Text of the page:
Shelley Hundley from IHOP just came out with her book A Cry For Justice about Jesus as our advocate against injustice. I read the sample on my Kindle (best gift ever from my amazing sister) and really, really wanted to buy the book. The thing is, I will be officially unemployed in about two weeks and am trying not to spend money on any extras. So no book.
But the sample gripped me and I knew I had to read the whole thing – so I went to the Kindle store just to see how much it was.
||$0.00 includes free wireless delivery via
That’s right – $0.00 – FREE! Woohoo! Quick, go get a copy before Amazon changes its mind.
This upcoming journey will be all about trusting God’s provision for what I need instead of striving for what I want. This won’t be easy. The truth is, I feel like I have to scramble to provide certain things for myself because I’m afraid God might think they’re too frivolous or indulgent. I mean look around – these are sober times and God has more important things to do than think about what I’d like to read.
When I was little, I used to recite a German bedtime prayer that went like this: “Come Lord Jesus, come to me, make a good child out of me. My heart is small and no one can come in but You, my little Jesus.” In German it sounded cuter because it rhymed. Maybe that’s why it never dawned on me until recently how weird it was. Who teaches children to pray for a small heart and a little Jesus?
I know in my head that God is big. Huge. Enormous. And omnipresent. But sometimes it’s like my heart got stuck in that prayer about the little Jesus.
It may sound kind of silly, but this whole thing with the book is big shift for me. It’s not that I’ve never experienced God’s love or provision, but this was really specific and completely unexpected. So God, I pray You would create in me a big heart that can know Your immense goodness…and make it known.
President Obama read Psalm 46 at the 9-11 Memorial in New York this morning.
God is our refuge and strength, a very present help in trouble.
Therefore, we will not fear, even though the earth be removed, and though the mountains be carried into the midst of the sea.
Though its waters roar and be troubled, though the mountains shake with its swelling, there’s a river whose streams shall make glad the City of God, the holy place of the Tabernacle of the Most High.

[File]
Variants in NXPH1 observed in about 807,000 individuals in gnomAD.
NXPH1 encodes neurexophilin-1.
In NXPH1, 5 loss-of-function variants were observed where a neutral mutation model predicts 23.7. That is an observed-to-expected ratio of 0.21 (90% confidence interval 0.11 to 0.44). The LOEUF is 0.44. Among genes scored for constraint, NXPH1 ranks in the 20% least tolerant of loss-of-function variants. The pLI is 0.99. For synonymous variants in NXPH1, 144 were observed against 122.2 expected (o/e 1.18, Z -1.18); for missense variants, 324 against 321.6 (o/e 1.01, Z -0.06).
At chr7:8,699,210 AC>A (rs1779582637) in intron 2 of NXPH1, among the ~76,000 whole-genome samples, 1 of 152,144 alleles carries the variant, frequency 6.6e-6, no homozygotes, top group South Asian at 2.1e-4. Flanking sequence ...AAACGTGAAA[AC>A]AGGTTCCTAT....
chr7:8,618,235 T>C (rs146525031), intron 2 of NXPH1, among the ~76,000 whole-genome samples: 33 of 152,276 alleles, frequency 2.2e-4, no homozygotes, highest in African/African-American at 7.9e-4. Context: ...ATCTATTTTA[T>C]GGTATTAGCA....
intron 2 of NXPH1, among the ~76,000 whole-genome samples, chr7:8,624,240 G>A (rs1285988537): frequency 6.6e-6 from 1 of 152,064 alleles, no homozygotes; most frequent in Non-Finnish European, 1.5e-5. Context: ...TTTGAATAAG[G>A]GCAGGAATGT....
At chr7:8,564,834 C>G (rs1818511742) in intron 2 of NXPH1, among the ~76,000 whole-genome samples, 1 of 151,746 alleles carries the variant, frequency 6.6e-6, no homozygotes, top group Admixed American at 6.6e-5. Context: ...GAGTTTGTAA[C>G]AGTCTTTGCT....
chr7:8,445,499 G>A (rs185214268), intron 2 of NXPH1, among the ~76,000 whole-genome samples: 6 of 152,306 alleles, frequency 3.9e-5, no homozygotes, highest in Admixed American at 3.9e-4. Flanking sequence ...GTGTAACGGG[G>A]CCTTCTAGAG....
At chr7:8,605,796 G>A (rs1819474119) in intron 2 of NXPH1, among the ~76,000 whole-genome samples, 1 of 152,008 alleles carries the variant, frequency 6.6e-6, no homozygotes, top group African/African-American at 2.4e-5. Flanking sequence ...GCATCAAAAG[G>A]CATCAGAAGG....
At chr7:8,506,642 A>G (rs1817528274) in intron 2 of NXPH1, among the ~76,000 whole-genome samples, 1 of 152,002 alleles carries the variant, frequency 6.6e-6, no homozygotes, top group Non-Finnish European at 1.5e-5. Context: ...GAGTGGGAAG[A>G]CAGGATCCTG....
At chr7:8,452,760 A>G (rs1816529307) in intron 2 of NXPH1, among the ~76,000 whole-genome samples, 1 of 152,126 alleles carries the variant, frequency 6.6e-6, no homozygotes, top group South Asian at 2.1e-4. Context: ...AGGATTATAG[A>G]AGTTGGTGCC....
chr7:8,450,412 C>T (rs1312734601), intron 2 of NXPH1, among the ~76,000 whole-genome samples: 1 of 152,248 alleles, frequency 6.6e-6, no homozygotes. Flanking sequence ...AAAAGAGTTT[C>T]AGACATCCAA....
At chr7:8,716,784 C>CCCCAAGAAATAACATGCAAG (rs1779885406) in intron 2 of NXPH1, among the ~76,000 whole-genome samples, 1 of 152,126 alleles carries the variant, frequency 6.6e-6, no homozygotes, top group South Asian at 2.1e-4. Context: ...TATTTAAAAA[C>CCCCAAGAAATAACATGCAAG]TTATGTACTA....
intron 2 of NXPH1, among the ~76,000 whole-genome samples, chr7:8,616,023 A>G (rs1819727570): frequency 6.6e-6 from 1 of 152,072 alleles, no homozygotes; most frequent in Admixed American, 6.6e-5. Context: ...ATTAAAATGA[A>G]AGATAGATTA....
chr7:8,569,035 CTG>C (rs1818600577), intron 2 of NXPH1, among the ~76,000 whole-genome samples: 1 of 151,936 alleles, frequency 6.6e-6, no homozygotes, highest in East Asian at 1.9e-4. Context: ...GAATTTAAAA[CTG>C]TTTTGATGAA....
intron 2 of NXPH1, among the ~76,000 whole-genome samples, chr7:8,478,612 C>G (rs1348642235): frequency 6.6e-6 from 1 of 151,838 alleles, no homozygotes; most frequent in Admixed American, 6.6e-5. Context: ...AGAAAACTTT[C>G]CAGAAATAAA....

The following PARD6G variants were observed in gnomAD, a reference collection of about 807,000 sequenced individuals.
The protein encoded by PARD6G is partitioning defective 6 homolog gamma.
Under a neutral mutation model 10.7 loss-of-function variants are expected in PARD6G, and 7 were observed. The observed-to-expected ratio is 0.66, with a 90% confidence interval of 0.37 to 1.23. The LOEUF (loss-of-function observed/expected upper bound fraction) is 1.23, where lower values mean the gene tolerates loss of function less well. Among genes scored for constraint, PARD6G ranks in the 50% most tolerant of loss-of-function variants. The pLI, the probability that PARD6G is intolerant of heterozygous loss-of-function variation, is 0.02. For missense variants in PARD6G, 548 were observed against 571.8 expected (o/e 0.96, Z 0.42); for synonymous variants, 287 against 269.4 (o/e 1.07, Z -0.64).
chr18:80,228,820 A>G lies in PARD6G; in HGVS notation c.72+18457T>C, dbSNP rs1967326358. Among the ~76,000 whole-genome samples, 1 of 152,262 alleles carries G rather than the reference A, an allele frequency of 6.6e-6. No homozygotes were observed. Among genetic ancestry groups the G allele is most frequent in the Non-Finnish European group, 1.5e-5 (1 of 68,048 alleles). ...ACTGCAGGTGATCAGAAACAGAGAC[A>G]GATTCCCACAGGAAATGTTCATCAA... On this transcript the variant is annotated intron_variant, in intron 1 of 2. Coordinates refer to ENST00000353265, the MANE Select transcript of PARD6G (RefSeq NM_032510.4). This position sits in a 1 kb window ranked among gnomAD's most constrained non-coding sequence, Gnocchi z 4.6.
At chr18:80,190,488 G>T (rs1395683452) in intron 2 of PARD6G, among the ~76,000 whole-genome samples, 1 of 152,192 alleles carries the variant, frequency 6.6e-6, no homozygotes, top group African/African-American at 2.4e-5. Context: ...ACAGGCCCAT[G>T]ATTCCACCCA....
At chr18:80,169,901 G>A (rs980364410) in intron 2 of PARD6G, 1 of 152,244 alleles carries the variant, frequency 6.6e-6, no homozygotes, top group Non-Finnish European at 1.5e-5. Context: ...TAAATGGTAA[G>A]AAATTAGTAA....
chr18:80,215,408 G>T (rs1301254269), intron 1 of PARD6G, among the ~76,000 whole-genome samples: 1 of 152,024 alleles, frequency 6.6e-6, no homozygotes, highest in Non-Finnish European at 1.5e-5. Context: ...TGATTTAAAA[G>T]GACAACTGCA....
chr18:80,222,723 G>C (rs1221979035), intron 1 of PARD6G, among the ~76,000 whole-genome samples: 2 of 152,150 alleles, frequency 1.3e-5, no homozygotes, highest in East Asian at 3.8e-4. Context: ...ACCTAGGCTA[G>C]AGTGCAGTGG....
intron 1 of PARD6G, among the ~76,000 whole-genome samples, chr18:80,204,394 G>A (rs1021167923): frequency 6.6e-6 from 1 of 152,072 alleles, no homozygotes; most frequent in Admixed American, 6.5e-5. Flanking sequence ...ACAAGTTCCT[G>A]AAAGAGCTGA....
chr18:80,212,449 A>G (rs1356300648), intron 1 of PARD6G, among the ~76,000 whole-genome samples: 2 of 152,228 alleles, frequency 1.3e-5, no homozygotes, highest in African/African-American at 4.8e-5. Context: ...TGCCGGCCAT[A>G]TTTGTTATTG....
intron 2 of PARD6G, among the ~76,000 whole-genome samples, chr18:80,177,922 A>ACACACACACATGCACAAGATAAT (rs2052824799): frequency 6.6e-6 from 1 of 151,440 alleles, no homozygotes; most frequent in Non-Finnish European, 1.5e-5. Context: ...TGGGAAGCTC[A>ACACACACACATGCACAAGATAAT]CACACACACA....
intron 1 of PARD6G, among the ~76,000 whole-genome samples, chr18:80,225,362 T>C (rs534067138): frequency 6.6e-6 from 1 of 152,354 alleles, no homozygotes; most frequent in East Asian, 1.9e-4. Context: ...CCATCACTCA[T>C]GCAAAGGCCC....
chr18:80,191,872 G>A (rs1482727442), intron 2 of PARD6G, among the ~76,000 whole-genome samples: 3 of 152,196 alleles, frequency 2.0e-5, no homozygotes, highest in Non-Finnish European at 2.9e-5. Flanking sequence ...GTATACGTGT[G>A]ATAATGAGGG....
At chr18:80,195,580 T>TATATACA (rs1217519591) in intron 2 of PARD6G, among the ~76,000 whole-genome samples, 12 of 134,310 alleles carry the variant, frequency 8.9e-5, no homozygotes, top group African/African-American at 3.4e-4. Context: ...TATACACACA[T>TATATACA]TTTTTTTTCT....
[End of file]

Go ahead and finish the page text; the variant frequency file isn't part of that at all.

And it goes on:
God is in the midst of her. She shall not be moved. God shall help her just at the break of dawn.
The nations raged, the kingdoms were moved. He uttered his voice. The earth melted. The Lord of Hosts is with us. The God of Jacob is our refuge.
Come behold the works of the Lord who has made desolations in the Earth. He makes wars cease to the ends of the Earth. He breaks the bough and cuts the spear in two. He burns the chariot in fire.
Be still and know that I am God. I will be exalted among the nations. I will be exalted in the Earth.
The Lord of Hosts is with us. The God of Jacob is our refuge.
I am working on a project involving a prohibition on issuing patents on human organisms. The idea that one human being could possibly lay a claim to the unique invention of another human being is absurd. It doesn’t pass even the most basic level of legal scrutiny, otherwise known as the “ha ha test”. But because we will vigorously defend our right to embrace absurdity if it is profitable enough, we have to enact a law telling people not to do something they actually cannot do in the first place.
As it is, researchers may “create” human beings and are free to exploit them with impunity. And they do. For the sake of the greater good, human organisms are infused with diseases, disassembled for research and even bred with animals. Once they have served their utilitarian function, they are summarily discarded as human waste. Researchers may not be able to secure a patent on their tiny “inventions”, but for all intents and purposes they own their human subjects and treat them accordingly.
Of course this all takes place in sterile facilities under the supervision of people in white coats with lots of letters after their names so it must be okay, right?
What goes through scientists’ minds when they watch human life appear before their eyes? Does it ever become mundane? Do they feel any sadness when they toss the remains of their tiny creations in the biomedical trash heap?
Do they ever think, even if just for a second, that they might meet their experiments in heaven one day?